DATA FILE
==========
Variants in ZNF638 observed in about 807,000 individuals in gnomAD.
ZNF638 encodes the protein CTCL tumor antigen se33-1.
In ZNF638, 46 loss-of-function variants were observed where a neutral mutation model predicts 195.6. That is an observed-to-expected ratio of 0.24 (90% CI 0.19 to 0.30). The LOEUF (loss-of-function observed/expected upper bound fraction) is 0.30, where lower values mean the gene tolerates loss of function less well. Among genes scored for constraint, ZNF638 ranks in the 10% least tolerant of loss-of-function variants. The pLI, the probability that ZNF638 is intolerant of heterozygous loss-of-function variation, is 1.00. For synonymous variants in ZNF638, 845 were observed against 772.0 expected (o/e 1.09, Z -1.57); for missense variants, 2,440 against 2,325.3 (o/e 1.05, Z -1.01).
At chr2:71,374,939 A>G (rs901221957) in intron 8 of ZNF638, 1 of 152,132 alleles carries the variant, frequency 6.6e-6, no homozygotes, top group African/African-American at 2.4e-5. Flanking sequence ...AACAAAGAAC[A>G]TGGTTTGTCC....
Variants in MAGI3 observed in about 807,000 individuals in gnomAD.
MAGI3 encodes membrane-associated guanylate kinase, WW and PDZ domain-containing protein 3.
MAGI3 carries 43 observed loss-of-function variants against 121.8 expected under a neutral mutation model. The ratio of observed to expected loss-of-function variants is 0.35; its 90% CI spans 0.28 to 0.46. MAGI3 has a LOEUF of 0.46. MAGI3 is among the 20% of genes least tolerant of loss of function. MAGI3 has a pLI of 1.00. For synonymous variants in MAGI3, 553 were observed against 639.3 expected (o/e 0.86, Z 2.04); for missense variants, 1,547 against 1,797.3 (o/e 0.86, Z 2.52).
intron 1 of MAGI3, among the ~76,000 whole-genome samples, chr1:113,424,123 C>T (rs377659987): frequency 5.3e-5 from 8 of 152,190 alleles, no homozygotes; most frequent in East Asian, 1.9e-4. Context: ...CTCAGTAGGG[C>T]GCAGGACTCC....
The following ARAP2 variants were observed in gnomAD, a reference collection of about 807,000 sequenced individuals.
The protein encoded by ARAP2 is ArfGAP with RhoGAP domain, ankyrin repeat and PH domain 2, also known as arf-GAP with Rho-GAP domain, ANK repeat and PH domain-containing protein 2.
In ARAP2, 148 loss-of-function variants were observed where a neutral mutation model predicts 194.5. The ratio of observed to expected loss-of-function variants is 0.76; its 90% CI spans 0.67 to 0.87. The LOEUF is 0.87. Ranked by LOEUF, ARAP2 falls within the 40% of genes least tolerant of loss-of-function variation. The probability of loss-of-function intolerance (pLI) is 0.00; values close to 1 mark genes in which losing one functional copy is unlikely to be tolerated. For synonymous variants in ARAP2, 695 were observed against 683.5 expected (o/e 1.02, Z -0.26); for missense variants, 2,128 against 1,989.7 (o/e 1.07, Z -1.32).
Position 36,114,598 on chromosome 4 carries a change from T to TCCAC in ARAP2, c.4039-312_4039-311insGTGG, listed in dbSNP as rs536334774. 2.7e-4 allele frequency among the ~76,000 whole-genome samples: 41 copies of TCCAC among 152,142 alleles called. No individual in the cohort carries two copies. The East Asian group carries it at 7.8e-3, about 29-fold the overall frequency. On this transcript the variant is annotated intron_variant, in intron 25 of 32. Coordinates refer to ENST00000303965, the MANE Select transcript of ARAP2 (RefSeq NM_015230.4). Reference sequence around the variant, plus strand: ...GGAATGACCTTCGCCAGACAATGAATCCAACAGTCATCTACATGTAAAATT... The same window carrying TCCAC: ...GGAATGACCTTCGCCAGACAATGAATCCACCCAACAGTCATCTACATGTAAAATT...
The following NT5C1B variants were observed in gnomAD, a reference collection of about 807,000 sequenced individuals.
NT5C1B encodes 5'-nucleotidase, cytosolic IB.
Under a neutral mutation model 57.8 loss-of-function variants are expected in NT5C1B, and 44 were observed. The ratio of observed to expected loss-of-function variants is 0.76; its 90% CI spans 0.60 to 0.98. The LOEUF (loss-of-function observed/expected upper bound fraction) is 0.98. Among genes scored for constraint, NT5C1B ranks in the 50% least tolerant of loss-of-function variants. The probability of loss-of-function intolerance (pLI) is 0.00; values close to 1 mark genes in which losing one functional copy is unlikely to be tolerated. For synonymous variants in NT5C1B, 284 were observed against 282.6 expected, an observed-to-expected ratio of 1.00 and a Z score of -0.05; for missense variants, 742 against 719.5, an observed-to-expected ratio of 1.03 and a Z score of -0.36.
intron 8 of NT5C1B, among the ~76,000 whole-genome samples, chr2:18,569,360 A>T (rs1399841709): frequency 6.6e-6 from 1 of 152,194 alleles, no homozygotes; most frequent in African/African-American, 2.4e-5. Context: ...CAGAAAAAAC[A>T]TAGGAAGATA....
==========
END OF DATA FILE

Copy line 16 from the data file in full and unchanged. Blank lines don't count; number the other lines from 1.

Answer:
intron 8 of NT5C1B, among the ~76,000 whole-genome samples, chr2:18,569,360 A>T (rs1399841709): frequency 6.6e-6 from 1 of 152,194 alleles, no homozygotes; most frequent in African/African-American, 2.4e-5. Context: ...CAGAAAAAAC[A>T]TAGGAAGATA....